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GF&P approves deer hunting license changes

October 7, 2018

DEADWOOD — Many hunters wanting to pursue deer in South Dakota with firearms next year will go through a different state licensing system. And some 3,500 more hunters could be in the field as a result.

The changes apply to hunters seeking licenses in 2019 for the Black Hills, West River, East River and muzzleloader seasons.

Those hunters will have to seek the single license each prefers, rather than apply for all four as they currently can.

They eventually could still receive as many as nine licenses for the four seasons. But they would have to do so through additional drawings and a final first-come first-served.

The state Game, Fish and Parks Commission adopted the changes Friday. “Passes unanimously,” Chairman Gary Jensen of Rapid City said.

The commission held a public hearing Thursday and heard some hunters ask that special-buck licenses be put back into the combined pool too.

Adding another 2,200 licenses wouldn’t change the odds “a whole lot,” Kevin Robling, special projects coordinator for the state Game, Fish and Parks Department, told commissioners Friday.

But Robling noted applications for special buck likely would increase “significantly” if special buck remained outside the proposed changes. Special-buck licenses are for use only on private land and are distributed through separate drawings.

Commissioners stuck with their plan on a 7-0 vote.

“I think it’s our responsibility to vote on this the way it is right now,” Commissioner Scott Phillips of rural New Underwood said.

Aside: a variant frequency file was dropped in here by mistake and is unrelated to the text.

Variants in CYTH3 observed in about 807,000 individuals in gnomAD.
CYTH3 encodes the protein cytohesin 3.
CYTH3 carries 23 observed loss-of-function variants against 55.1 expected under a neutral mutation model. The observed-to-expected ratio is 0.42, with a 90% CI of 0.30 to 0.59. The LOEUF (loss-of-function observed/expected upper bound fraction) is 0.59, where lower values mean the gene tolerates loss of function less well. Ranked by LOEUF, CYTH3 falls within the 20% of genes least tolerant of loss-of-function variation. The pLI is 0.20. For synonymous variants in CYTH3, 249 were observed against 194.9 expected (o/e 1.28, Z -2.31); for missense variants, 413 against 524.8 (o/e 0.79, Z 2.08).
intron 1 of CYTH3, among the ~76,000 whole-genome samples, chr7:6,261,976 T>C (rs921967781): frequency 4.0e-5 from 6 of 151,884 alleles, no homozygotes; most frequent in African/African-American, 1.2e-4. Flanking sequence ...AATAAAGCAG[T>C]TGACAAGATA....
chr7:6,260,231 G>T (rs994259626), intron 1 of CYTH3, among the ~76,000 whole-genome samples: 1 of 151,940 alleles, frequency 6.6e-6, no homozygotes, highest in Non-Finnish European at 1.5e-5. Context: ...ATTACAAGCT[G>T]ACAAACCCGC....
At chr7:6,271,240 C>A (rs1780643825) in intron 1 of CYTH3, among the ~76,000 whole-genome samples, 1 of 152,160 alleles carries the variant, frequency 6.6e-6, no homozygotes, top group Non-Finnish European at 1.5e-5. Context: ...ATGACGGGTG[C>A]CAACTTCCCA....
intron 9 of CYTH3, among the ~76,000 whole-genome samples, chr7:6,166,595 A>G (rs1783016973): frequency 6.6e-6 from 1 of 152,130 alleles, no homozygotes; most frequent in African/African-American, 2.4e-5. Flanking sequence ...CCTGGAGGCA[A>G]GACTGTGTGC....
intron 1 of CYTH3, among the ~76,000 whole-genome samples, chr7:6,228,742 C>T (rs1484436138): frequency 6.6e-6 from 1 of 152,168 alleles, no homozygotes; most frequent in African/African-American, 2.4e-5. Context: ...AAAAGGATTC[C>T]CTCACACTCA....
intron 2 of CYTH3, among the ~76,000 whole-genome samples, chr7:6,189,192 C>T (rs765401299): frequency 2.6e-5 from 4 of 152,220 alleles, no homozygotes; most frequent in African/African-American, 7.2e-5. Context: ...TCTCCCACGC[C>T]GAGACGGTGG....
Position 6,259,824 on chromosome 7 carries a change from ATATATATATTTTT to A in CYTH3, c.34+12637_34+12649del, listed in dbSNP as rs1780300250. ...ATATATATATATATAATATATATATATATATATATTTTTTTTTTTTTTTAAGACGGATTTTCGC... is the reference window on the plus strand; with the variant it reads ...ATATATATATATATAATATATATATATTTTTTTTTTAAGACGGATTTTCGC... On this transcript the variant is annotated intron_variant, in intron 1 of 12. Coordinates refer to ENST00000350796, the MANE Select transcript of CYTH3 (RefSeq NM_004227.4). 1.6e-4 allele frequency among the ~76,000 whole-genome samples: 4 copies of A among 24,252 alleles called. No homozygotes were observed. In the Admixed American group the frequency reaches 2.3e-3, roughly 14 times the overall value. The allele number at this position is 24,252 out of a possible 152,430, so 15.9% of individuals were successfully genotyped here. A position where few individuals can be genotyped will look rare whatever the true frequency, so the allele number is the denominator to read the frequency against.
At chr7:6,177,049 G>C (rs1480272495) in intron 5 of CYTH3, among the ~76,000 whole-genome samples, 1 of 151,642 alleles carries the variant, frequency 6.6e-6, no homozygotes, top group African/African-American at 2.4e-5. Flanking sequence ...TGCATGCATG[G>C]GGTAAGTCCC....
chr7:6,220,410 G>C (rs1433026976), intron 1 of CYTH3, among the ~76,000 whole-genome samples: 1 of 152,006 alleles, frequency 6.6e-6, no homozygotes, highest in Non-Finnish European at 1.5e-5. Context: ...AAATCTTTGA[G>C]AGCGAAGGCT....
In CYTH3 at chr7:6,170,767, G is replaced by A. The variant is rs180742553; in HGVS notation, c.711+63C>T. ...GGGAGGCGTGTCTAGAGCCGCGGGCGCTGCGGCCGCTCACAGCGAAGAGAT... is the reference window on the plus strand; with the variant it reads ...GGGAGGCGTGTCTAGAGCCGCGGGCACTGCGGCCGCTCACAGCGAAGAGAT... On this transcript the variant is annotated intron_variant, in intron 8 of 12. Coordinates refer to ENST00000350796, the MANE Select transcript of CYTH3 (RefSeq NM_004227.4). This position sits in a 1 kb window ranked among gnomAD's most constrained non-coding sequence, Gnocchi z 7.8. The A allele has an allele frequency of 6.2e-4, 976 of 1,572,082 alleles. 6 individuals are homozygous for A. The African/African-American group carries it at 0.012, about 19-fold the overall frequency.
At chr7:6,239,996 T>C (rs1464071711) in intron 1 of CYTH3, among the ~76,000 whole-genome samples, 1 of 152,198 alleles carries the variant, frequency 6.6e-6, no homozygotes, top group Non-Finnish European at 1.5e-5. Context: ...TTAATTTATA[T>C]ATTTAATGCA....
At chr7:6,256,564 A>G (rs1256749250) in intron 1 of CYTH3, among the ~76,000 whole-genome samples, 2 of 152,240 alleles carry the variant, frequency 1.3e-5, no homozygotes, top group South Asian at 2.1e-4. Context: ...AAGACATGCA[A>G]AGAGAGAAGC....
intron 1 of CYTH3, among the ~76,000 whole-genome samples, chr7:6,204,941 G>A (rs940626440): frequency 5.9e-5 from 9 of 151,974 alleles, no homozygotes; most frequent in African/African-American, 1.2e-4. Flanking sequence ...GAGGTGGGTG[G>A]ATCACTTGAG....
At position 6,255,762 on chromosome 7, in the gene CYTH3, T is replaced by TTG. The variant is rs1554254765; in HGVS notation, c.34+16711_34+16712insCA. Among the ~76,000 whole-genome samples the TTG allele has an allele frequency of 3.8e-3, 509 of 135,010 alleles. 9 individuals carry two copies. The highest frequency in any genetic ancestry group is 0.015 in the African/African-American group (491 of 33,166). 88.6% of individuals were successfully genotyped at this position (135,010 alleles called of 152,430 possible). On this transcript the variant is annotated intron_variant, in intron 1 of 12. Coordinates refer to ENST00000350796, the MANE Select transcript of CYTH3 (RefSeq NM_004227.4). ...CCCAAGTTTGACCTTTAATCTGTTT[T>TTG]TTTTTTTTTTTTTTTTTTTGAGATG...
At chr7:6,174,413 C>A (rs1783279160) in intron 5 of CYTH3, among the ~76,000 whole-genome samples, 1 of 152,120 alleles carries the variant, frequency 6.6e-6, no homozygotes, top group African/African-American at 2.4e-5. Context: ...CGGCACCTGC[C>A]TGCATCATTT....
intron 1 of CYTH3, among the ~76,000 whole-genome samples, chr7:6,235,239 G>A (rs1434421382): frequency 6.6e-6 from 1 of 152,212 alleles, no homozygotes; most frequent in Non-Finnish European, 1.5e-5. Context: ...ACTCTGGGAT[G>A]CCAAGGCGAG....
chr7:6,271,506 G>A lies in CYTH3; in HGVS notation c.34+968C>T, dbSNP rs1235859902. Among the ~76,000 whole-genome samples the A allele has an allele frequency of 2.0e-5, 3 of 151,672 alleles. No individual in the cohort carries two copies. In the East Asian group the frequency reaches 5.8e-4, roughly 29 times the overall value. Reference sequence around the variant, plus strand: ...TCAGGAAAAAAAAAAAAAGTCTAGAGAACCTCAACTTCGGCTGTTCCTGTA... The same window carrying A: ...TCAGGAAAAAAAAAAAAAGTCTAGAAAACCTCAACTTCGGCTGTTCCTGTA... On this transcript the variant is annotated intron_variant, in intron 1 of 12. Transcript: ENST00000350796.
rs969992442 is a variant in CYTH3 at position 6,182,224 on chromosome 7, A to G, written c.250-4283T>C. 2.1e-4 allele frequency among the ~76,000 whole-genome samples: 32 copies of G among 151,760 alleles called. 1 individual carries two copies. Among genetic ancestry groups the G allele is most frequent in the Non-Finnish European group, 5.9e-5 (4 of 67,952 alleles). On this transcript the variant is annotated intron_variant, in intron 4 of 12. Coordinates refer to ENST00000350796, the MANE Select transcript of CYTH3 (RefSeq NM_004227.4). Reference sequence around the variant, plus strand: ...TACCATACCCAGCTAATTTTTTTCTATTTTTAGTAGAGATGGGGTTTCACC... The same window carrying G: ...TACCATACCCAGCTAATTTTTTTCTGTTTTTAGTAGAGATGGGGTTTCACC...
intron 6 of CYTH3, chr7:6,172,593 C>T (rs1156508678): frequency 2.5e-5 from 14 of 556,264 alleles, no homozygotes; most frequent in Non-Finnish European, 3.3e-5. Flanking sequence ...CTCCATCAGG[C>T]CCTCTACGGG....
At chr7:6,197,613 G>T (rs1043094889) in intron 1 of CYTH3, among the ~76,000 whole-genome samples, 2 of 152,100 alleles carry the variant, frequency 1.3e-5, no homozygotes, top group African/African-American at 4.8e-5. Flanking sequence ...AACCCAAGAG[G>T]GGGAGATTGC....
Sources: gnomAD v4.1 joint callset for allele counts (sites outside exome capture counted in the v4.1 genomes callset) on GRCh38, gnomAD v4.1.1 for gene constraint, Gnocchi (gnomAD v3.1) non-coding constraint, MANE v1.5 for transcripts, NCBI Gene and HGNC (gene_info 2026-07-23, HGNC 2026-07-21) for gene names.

Commissioner Doug Sharp of Watertown seconded Phillips’ motion. “I think this is a reasonable approach to try to get more deer hunters in the field,” Sharp said. “I think this is a good effort and I’m comfortable with what we’re moving forth with.”

Commissioner Cathy Peterson of Salem said the department has made “an amazing effort” with the original proposal in July and revising it after the commission’s September hearing in Yankton.

“A vote for this isn’t against our seasoned hunter. It’s a vote for getting more in the field,” Peterson said.

Commissioner Mary Anne Boyd of Yankton said the changes would increase the number of hunters in the field. Through a question, Boyd suggested evaluating the effects in a “reasonable” time frame.

Robling said the department’s deer-management plan comes up for consideration again 2021 and biologists would have three years of draw data.

Commissioner Russ Olson of Wentworth said shooting sports are losing participants every year. Olson said the changes would potentially make South Dakota’s licensing process more enticing to hunters who’ve left and to new hunters.

“I think it’s been reasonable. I think it’s been put together well,” Olson said. He added that he wants to hear from people in a year or two about their experiences.

In 2017 there were 52,130 hunters who applied for one or more of the four seasons covered by the changes. Robling said 35,706 applied for one season, while 690 applied for four, 3,716 sought three and 12,018 sought two.

Robling calculated that 21,520 applications would be removed under the changes. He said the proposal would increase every hunter’s chances of drawing a first-choice license and an estimated 3,500 more hunters would take the field.

The overall goal is to provide all deer hunters “a better chance” of drawing their first-choice license, he said.

Leftover licenses can be picked up in the third draw and later when any remaining would be open to all, according to Robling.

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